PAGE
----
The Class of 2012 is, at bare minimum, impressive.
The nine men and women who have been inducted into Canada's Sports Hall of Fame this year brings the honour roll to a total of 529 since the Hall started counting Canadian sports greats in 1955.
And they are not just athletes who have made an impact in Canada or North America. These are icons of sport that can arguably be classified as the very best on the face of the Earth. It is startling, really, to understand the star power that resides within the four walls of Canada's sporting shrine on the threshold of the Rocky Mountains.
"It's profound," said Scott Niedermayer, the four-time Stanley Cup champion and twice an Olympic gold medallist. "To think that all of these people came from this one country is inspiring."
Niedermayer, who has won every major championship in his sport and can count himself as one of the best defencemen ever, is professional hockey's representative in the class of 2012.
It is a class which includes pioneering soccer player Charmaine Hooper as well as the most prolific sprint speedskater in history in Jeremy Wotherspoon. Add to that Pierre Lueders, the most decorated Canadian slider of all time who won two Olympic medals, including gold in 1998. Lueders is regarded as one of the most ferocious competitors of all-time.
"I had two posters on my wall as a kid -- Wayne Gretzky and Gilles Villeneuve and they are both here [in the Hall]," said Olympic champion figure skater David Pelletier. "It feels surreal for me to be entering this house."
'With joy and with passion'
Pelletier also won a pairs world championship with his partner Jamie Sale.
Together, they also sparked a revolution of fairness in their sport with their exemplary behavior in the face of a judging scandal at the 2002 Olympics. Not only did they justly share the gold medal with their Russian rivals, but the judging system of skating became more quantifiable in the wake of their experience in Salt Lake City.
"What is most important is not what we accomplished," Sale cautioned. "What we are most proud of is that David and I pursued our sport with joy and with passion."
Also entering the Hall of Fame is the late Daryl (Doc) Seaman, who helped to bring the Calgary Flames to the NHL. But Seaman was also a prime mover in Calgary hosting the 1988 Olympics and his hockey foundation, along with partner Harley Hotchkiss, has raised more than $5 million to allow youngsters in the province of Alberta to pursue their dreams of playing the game at every level.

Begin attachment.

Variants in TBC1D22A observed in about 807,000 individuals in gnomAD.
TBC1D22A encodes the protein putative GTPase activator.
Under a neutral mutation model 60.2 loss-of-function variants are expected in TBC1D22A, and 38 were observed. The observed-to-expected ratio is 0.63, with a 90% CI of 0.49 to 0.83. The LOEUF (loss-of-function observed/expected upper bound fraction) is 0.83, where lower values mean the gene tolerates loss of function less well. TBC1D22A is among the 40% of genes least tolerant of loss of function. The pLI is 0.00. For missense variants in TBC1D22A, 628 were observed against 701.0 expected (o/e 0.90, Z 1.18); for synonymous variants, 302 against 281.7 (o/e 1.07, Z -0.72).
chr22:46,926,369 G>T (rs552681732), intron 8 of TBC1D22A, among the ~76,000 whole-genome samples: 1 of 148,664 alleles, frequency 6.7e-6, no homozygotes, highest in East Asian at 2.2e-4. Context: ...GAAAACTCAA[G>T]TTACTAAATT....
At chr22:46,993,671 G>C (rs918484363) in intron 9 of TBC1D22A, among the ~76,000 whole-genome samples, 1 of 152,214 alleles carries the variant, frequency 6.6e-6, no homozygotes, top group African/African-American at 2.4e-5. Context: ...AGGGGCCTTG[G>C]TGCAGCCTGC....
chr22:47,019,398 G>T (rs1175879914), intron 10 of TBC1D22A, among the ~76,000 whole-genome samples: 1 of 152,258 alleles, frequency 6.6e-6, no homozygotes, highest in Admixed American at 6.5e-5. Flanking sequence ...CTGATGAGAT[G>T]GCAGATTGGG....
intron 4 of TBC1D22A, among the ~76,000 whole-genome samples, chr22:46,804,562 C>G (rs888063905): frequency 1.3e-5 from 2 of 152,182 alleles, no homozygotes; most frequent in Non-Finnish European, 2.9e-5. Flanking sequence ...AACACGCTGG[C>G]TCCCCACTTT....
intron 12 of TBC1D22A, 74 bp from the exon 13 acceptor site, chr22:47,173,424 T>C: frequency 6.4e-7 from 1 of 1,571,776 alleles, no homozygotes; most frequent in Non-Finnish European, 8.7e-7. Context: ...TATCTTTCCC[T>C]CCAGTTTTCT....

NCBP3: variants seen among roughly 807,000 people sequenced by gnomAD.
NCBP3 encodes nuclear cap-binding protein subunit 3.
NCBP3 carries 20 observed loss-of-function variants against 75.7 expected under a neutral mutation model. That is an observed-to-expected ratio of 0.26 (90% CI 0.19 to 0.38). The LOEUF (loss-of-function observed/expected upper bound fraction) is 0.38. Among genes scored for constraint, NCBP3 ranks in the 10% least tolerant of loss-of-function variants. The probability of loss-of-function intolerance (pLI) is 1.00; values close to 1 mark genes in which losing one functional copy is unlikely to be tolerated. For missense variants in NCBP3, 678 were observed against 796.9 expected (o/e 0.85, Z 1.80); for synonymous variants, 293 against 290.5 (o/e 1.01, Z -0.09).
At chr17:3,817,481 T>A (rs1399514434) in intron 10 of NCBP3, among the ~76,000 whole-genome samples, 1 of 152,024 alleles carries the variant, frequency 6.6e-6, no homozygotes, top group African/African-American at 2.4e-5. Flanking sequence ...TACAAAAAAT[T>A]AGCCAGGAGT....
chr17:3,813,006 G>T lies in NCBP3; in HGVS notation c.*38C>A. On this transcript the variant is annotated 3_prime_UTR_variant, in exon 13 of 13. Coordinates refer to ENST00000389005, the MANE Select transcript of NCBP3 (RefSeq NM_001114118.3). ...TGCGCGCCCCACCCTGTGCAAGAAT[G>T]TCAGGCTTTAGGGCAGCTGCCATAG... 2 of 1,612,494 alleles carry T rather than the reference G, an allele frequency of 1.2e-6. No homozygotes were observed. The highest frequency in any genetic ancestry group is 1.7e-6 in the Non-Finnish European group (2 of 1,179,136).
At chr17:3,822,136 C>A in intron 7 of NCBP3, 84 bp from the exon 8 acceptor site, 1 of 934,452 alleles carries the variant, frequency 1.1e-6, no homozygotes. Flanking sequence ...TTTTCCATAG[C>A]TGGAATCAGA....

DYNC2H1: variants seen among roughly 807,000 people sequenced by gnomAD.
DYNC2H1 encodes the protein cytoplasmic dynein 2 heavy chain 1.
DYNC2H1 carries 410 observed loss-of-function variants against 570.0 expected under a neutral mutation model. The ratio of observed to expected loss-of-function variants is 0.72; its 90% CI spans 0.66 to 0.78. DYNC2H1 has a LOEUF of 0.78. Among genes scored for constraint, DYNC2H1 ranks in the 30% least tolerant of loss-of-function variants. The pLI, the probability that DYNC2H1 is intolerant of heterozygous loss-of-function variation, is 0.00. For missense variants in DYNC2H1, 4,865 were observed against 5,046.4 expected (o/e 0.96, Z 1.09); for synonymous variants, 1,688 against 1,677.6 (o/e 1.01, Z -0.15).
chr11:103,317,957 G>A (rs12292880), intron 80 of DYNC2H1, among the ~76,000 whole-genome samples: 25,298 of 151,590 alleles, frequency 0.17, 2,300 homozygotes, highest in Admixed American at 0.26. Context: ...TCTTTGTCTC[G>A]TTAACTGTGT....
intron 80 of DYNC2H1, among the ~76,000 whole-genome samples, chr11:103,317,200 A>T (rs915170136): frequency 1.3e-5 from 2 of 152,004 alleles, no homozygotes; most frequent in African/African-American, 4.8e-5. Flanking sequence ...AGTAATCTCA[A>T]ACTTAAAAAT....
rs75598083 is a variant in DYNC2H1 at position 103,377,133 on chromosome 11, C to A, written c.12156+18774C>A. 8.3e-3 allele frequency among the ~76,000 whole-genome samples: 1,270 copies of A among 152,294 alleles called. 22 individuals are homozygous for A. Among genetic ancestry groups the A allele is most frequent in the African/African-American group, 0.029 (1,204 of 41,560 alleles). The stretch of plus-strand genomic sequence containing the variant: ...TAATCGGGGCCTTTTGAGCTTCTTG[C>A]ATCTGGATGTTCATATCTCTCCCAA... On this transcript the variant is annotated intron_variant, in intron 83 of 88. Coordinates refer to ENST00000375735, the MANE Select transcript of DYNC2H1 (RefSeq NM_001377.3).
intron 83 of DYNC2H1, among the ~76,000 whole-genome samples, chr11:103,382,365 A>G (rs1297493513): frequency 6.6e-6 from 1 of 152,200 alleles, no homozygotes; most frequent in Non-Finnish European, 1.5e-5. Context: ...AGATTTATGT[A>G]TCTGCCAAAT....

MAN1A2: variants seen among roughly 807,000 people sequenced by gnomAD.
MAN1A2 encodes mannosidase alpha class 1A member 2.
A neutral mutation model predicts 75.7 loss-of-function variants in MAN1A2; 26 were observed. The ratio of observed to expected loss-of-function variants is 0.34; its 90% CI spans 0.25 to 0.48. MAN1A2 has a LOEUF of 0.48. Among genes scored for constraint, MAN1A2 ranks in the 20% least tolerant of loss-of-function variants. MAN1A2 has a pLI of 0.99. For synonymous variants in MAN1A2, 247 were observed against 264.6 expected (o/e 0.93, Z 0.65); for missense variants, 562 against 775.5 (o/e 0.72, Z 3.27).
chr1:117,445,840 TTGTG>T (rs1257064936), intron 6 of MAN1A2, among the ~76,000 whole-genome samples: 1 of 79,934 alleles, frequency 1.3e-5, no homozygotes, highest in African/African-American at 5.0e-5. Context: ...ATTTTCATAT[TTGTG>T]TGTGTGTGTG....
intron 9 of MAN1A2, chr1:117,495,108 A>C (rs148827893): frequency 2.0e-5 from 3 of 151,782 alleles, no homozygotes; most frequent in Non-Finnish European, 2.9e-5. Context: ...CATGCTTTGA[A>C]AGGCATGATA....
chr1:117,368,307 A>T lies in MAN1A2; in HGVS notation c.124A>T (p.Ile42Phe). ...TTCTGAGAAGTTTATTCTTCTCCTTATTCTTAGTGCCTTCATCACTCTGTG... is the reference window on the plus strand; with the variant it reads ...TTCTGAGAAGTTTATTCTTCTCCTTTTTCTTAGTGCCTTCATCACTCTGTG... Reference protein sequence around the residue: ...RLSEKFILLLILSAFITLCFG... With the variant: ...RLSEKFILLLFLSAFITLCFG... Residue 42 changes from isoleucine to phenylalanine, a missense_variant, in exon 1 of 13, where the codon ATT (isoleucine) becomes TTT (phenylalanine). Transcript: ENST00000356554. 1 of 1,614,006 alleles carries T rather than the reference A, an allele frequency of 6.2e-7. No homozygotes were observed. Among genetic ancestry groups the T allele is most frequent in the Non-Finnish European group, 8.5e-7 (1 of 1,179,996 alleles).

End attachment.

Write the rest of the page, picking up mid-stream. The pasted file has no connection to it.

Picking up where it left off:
Derek Porter has ascended to the Hall after a remarkable rowing career. He won Olympic gold with the men's eight at the 1992 Barcelona Games and followed up with single sculling silver at Atlanta in 1996.
"It's humbling," Porter reckoned. "These are great athletes from a great country and it's an honour to be with them."
'Opportunity for girls and young women'
Perhaps the most unsung of this year's inductees is Marion Lay.
She won an Olympic bronze medal as a freestyle relay swimmer at Mexico City in 1968. She was also a Commonwealth Games champion.
"My career as an athlete ended 44 years ago," Lay chuckled on the day of her induction. "But after Mexico City, I began a journey that led me to try and discover opportunity for girls and young women in sport."
Indeed, Lay has been a tireless worker for gender equity in Canadian athletics. She is a founding member of the Canadian Association for the Advancement of Women and Sport (CAAWS) and has made it her mission to ensure that females have the chance to participate, officiate, administer and coach sport in this country.
'Inclusion and equity in sport'
In short, Lay is not only entering the Hall as an athlete, but as a builder. And builders like her are the rock solid foundation upon which the Canadian sporting system has been fashioned.
Lay's words of acceptance were telling.
"I hope Canada continues to journey down a road that is about inclusion and equity in sport," she declared. "Everyone has a right to play and to aspire to the Olympic and Paralympic Games."
The new kids in the hall are, indeed, impressive.
I would think, as a group, they might be unrivalled. To think that these nine men and women come from such a wide variety of athletic endeavours and complexity of backgrounds suggests, there is diversity on Canadian fields of play that we should all be proud of.
It also reveals a depth to our sporting folklore that has few, if any, equals.
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